2. Rhizomatous individual was obtained from interspecific BC2F1 progenies between Oryza sativa and Oryza longistaminata

1)Food Crops Research Institute, Yunnan Academy of Agricultural sciences, Kunming 650205, P. R. China
2)Plant Breeding, Genetics and Biochemistry Division, International Rice Research Institute, Philippines
3)Agronomy Department, Kasetsart University, Bangkok 10900, Thailand

To breed for perennial rice, especially upland rice (Schmit 1996, Tao et al., 2000a), the most logical trait to select may be rhizomes, which are typically found in wild relatives such as O. longistaminata, O. rhizomatis, O. officinalis and O. australiensis. The development of perennial rice, especially perennial hybrid rice, has the potential to provide environmentally sound and economically viable alternatives for use on land where annual type production is not sustainable (Wagoner 1990). Perennial hybrid rice, like apomictic rice, would fix heterosis, but perennial hybrid rice would be easier to achieve (Tao et al., 2000a, Xiu 1995).

Donors of perenniality for perennial rice breeding could be O. longistaminata, O. rhizomatis, O. officinalis and O. australiensis (Vaughan, 1994). O. longistaminata should be an especially valuable source of perenniality because it has the same AA genome as O. sativa does. Introgression of rhizome from wild relatives to O. sativa is the prerequisite condition for breeding perennial rice or perennial hybrid rice.

RD23, an indica cultivar from Thailand, was pollinated by O. longistaminata. RD23 has no rhizomes and the O. longistaminata parent had long rhizomes (Photo 1). The F1 hybrid of RD23/O. longistaminata had rhizomes intermediate between the two parents (Photo 2)and had indehiscent anthers with 32.53% pollen fertility (Tao et al., 2000a).

Normally developed BC1F1 seeds were obtained when the F1 hybrid of RD23/O. longistaminata was pollinated by RD23. From 168BC1F1 seeds germinated on 1/4 MS media (3% sucrose+0.7% agar, pH 5.8), 162 plants were obtained and transplanted to an irrigated field. Among the progeny, only one individual had rhizomes like the F1 hybrid (Photo 2; Tao et al., 2000b).

When the rhizomatous BC1F1 plant was pollinated by RD23 in March, 2001, 719 normally developmed BC2F1 seeds were obtained. After the seeds were germinated on 1/4 MS media, 577 plantlets were obtained and transferred to an irrigated field. Among the BC2F1 progeny, 8 individuals with various lengths of rhizome were observed (Photo 3). This is the first report of a rhizomatous BC2F1 when O. sativa was used as recurrent parent.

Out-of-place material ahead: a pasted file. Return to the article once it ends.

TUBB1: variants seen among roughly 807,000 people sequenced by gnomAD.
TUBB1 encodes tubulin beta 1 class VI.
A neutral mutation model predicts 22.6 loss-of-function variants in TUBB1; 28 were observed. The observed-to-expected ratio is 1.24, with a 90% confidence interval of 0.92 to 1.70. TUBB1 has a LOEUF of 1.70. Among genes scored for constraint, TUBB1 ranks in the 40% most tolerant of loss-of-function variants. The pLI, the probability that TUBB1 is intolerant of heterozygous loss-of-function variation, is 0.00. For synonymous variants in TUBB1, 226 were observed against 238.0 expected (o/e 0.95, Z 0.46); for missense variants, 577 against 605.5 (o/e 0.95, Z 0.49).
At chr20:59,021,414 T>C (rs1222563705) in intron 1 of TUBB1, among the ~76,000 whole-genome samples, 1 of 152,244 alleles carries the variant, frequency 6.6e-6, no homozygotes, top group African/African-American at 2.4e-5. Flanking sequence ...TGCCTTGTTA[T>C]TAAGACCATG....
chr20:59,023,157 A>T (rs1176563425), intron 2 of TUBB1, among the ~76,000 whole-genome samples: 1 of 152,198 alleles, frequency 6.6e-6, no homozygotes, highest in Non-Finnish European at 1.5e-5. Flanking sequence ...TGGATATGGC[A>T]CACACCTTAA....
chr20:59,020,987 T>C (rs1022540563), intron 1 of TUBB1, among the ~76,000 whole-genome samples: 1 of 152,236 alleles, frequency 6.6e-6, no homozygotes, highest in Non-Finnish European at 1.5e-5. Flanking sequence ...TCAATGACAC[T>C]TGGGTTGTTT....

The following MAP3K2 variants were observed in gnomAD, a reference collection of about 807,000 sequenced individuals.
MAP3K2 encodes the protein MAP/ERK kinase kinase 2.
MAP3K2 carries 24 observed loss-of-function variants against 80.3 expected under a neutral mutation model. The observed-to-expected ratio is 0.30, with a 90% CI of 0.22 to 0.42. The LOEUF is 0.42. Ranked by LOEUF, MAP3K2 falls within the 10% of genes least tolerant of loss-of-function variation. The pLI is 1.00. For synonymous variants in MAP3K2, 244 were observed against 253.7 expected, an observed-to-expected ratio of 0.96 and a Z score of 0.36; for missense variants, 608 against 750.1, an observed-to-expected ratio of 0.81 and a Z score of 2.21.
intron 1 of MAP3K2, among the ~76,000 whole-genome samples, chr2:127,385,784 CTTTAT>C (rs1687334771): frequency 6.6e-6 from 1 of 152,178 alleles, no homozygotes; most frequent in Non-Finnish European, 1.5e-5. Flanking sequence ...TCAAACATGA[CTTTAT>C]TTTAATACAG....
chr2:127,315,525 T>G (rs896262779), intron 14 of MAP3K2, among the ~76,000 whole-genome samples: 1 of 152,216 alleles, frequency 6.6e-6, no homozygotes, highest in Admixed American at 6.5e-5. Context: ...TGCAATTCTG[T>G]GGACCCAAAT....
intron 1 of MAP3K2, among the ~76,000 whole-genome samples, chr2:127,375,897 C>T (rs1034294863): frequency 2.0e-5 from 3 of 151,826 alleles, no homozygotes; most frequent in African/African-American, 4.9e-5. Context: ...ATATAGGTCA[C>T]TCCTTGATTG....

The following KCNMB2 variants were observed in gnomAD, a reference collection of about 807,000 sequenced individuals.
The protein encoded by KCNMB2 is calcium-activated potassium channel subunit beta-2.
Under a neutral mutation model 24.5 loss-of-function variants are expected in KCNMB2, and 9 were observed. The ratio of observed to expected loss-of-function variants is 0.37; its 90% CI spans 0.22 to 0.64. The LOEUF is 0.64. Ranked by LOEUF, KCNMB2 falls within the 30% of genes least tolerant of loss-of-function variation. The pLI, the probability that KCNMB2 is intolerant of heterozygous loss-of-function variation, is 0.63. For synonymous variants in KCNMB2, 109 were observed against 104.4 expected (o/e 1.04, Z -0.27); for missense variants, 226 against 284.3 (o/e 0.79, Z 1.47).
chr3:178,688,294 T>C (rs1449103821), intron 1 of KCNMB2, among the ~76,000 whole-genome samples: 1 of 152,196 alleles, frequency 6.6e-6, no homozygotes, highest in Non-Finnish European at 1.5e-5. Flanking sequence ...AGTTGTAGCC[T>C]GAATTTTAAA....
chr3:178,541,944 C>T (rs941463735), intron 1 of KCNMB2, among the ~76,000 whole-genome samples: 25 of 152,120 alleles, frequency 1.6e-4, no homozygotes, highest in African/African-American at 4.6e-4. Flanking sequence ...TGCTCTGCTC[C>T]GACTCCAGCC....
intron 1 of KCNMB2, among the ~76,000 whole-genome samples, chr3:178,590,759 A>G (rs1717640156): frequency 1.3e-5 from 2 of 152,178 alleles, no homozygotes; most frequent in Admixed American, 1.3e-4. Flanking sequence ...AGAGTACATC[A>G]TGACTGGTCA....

Ghesquiere (1991, 1992) reported unilateral inheritance of the rhizomatous trait in crosses of O. longistaminata to O. sativa and thought that one of the two complementary lethal genes D1, located on chromosome 2, was closely linked to a rhizomatous gene or both were controlled by the same gene. Through linkage study by molecular markers, he could find that another complementary gene, D2, from O. sativa was located on chromosome 11. In contrast, Maekawa et al. (1998) reported that an incompletely dominant gene, designated as Rhz located on Chromosome 4, controlled the inheritance of rhizome. And the extremely low spikelet fertility (16.6%) of the F1 hybrid did not disturb segregation of the linked liguleless and rhizomatous traits in the F2 progenies.

In our population, the intermediate expression of rhizomatous traits in the RD23/O. longistaminata F1 indicated that the dominance was incomplete as reported in sorghum and O.

longistaminata (Makekawa et al. 1998, Yim et al. 1997). But the observation that there was only 1 rhizomatous individual out of 162 BC1F1 progenies and 8 rhizomatous individuals out of 577 BC2F1 progenies suggests that the inheritance of rhizomes was not simple. We consider two possible explanations. One is that rhizomatous gene(s) and embryo abortion gene(s) D1 are closely linkaged (Ghesquiere 1991), and the rhizomatous plant was a crossover product. Another explanation is that rhizomatous traits were controlled by several quantitative loci with dosage and/or epistatic effects. Thus, rhizomatous trait of F1 hybrids was intermediate between RD23 and O. longistaminata, and BC1F1 and BC2F1 progenies had few rhizomatous individuals. In order to test whether the embryo abortion gene(s) is linked to rhizomatous gene(s) or not, 220 young BC1 F1 embryos were cultured on 1/4 MS media 10-days after pollination, and 176 plantlets were obtained and transferred to an irrigated field. From this embryo rescued BC1F1 population, only one rhizomatous individual was observed, which indicated that there was no obvious linkage between embryo abortion genes and rhizome genes.

Financial support from National Natural Science Foundation of China, Yunnan Agricultural department, and Bundesministerium fur Wirtschaftliche Zusammenarbeit und Entwicklung (BMZ) is gratefully acknowledged.


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